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‘Cancelling’ history is anathema to the way the cultural sector works 

We should not follow every loud voice on demand, or rush to change museums at the first sign of a complaint from a particular lobby, and we should steer clear of political activism. Although the current minister, a Conservative, has expressed concerns, it is easy to imagine politicians of a different persuasion having the same expectation. It should also be remembered that hardly any of the major museums are affected by the threat of statue removal. “Breaking up” history is anathema to the way we work.

Some might get the impression that museums have focused too much on certain groups and neglected the history of the majority, but that is incorrect. The interest in spotlighting previously overlooked stories isn’t a new fad, and we strive to be inclusive. The Information Age Gallery opened at the Science Museum early in my decade and one of my favorite stories in it is the undersea cable that allowed American singer and activist Paul Robeson to perform live to a London audience despite a travel ban the female telephone operators who ran the Enfield Exchange operated, and Tommy Flowers, the son of a mason, who later played a crucial role in the development of the Colossus computer. We are in the relentless hunt for all great stories, regardless of gender, race or creed.

On a personal level, I’m sure many readers will share my hope that, by using their own independent voices, museums can also push back some of the divisive language of some activists and the “safe space” world. Instead, our job is to use the glories of plain English to reach millions, rather than preach.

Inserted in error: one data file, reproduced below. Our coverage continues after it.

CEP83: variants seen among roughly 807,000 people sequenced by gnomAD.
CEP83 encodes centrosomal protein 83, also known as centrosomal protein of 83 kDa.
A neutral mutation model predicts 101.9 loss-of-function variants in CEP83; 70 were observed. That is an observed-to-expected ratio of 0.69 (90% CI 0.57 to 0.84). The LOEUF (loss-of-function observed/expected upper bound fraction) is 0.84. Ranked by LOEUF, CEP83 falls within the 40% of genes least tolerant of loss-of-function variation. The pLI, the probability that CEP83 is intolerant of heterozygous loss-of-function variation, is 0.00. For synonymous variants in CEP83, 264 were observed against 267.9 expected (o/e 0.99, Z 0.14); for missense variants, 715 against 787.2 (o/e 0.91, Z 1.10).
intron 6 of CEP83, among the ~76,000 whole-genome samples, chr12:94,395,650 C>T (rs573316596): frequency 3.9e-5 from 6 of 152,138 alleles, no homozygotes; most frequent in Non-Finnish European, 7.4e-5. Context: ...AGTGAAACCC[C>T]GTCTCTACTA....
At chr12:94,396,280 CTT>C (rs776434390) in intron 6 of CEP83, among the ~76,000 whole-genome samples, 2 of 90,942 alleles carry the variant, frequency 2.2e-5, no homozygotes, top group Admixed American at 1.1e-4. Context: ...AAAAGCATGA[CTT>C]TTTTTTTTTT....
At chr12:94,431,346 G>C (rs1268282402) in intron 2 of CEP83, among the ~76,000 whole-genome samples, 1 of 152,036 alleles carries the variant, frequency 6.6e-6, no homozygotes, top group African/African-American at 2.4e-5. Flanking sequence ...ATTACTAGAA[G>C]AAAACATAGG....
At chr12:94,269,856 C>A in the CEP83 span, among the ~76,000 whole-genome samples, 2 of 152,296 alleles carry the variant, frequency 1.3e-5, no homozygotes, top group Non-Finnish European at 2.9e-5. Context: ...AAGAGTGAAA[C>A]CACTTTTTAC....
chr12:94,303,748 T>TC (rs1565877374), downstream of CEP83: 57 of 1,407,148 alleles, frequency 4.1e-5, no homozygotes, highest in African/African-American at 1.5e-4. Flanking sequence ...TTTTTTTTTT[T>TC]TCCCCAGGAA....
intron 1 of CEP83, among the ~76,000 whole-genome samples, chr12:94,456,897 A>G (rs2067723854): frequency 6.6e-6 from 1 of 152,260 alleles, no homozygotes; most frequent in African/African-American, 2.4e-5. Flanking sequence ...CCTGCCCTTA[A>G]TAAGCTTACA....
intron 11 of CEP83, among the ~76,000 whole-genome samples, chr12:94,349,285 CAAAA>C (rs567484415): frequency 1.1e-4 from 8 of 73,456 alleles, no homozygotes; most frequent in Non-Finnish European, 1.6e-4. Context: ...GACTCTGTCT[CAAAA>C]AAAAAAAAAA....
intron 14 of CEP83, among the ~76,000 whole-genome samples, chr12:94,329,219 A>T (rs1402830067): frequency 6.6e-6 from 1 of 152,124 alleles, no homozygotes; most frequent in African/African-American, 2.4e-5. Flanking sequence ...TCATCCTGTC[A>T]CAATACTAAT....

That a meeting between cultural leaders and the Culture Secretary on the importance of telling a balanced history of Britain should be labeled as a threat to democratic norms tells us something about the nature of the debate in these polarized times. The independence of our work is all the more important. While organizations that receive public funding have responsibilities to the government, our most important responsibility is to our audience. It is therefore important that this audience can trust the stories they encounter in our spaces, knowing that we are not attempting to distort history to favor any particular political agenda.

Sir Ian Blatchford is Chairman of the National Museum Directors’ Council and Director of the Science Museum Group

https://www.telegraph.co.uk/art/what-to-see/job-museums-teach-not-preach/ ‘Cancelling’ history is anathema to the way the cultural sector works 

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